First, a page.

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A Guest Post by Cassidy Hennigan
One of the best skills you can have that can directly benefit your career is the ability to network well. Being able to make connections among industry leaders and a helpful way to make the most of your time and effort. Plus, once you get the hang of network, you won’t dread marketing events nearly as much. To help you get started, follow our tips for etiquette when you want to target potential clients.
1. Set Realistic Goals
You don’t need to be a specialist to know that it is best to craft goals before entering any sort of professional situation. Before a marketing event, make sure you have goals set in place that you plan on accomplishing before the event is over. Make it crucial that you meet at least three clients at a minimum.
Remember, a simple handshake is one of the easiest ways to get in the door. However, as important as it is to set goals, make sure that you set realistic ones. For example, it’s not realistic to try and get every client under your belt at a marketing event. If you’re new to social events, just try making it a goal going to the event, after all, it can be an incredibly stressful environment for new marketers.
2. Prepare Conversation Points Ahead of Time
Small talk is important to grow relationships with clients. Knowing this, you should prepare conversation points ahead of time. This is an especially important step if you are naturally shy or just dislike networking.
Keep in mind that you should steer clear from certain gray areas, such as religion, divorce, money, politics, and gossip. The last thing you want to do is upset the client you’re trying to get on your side.
3. Introduce Yourself by Your First and Last Name
When you shake a client’s hand and introduce yourself, make sure you clearly say both your first and last name. Only saying your first name makes it seem like you’re not speaking as a professional.
On another note, if you forget someone’s last name, don’t freak out, just say you’re drawing a blank and ask them to repeat it. It’s better to be honest than awkward, which may come off as unprofessional.
4. Clients are Always First When it Comes to Introductions
Whenever you make an introduction, always say the client’s name first. It’s important that the company member says the client’s name before their own, even if it’s the CEO that’s doing the introduction. This shows the potential clients how much you respect and value them.
5. Always Stand During Introductions
Whenever introductions are being made, it shows professionalism to stand up. But, besides respect, it also shows that you’re interested in what they’re saying. If the person next to you isn’t standing up, don’t copy them, it’s not a contest to see who stands up first. Even in a casual environment, it’s important that you show mutual respect by standing up for an introduction. Not only is it simply polite to stand up when someone is being introduced but it can also make you stand out when attempting to target potential clients.
6. Place Your Name Tag on the Right
When you’re given a name tag, you should always put it on the right side. Putting it left or center makes it harder for other people to glance at it, which means fewer people will read and remember your name. Also, everyone putting it on the right side reduces distractions by having everyone having their name tag in a different place.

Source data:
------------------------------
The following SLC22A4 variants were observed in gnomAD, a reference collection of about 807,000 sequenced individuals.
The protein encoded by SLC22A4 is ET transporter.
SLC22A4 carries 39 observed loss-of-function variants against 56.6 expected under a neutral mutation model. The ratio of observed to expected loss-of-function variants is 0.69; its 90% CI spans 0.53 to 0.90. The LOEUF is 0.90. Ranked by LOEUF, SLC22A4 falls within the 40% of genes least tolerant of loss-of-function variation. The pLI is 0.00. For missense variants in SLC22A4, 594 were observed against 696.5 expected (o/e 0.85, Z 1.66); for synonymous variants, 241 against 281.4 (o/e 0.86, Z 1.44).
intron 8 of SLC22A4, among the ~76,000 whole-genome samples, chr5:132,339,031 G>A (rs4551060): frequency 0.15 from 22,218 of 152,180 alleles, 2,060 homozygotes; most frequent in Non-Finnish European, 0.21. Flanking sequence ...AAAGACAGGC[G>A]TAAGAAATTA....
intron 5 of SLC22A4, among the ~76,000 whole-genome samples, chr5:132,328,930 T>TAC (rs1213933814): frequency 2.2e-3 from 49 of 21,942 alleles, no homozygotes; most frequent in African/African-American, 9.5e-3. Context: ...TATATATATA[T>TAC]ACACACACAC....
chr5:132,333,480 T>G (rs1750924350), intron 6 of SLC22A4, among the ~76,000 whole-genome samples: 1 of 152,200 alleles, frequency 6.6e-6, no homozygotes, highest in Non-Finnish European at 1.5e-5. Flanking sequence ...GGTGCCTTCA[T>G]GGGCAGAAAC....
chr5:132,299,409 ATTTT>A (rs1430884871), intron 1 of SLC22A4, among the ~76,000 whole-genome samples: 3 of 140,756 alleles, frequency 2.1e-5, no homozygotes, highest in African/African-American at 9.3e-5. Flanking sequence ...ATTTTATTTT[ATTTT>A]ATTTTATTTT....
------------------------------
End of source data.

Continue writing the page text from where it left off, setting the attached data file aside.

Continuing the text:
7. Don’t Give Everyone Your Business Card
You shouldn’t be handing out business cards like it’s candy on Halloween. Instead, you should use it as reinforcement for a good impression on a client. They should be used sparingly, after all, they weren’t free. Plus, it seems like an amateur move to try and give everyone a business card at a marketing event.
8. Don’t Overdo it on the Buffet
Remember the rule of thumb, you’re not there to eat. Always make sure you eat beforehand, so you’re not tempted to overindulge on the buffet. But, if you’re hungry, make sure you have your drink of food in your left hand, with your right hand open for handshakes. No one wants to be turned down for a plate of food.
9. Keep a Positive Attitude
When going to a networking event, make sure you bring your confidence and positive attitude with you. No enjoys a mopy marketer that acts like they don’t even want to be there. Also, do a mirror and breath check before you arrive, this will help boost your confidence and help you look more professional. After all, clients don’t tend to hang around marketers with smelly breath or disheveled clothes.
10. Follow Up
This is perhaps the most important part of the networking process. After having your initial conversation, you need to follow up with your new contacts. Send a handwritten note or email expressing how much you enjoyed meeting them. You should also suggest scheduling a follow-up meeting where you can discuss doing business together in the future. As mentioned above, you can send either a note or an email. Though an email is easier, a handwritten note can make a bigger impression and show that you truly care about the other person.
With these tips, you can practice the proper etiquette when trying to target potential clients at a social or networking event. Make sure you keep it professional and considerate when talking to new people and always remember to follow up afterward. When you follow the tips above, you can make sure that your networking is a success.
Cassidy Hennigan is an avid writer and a passionate career development coach. Former HR, she learned how important it is that individuals to have a mentor who helps them take the correct decision when it comes to their careers. When she’s not giving motivational pieces of advice, she contributes to SalariesWiki – a website dedicated to statistics about salaries.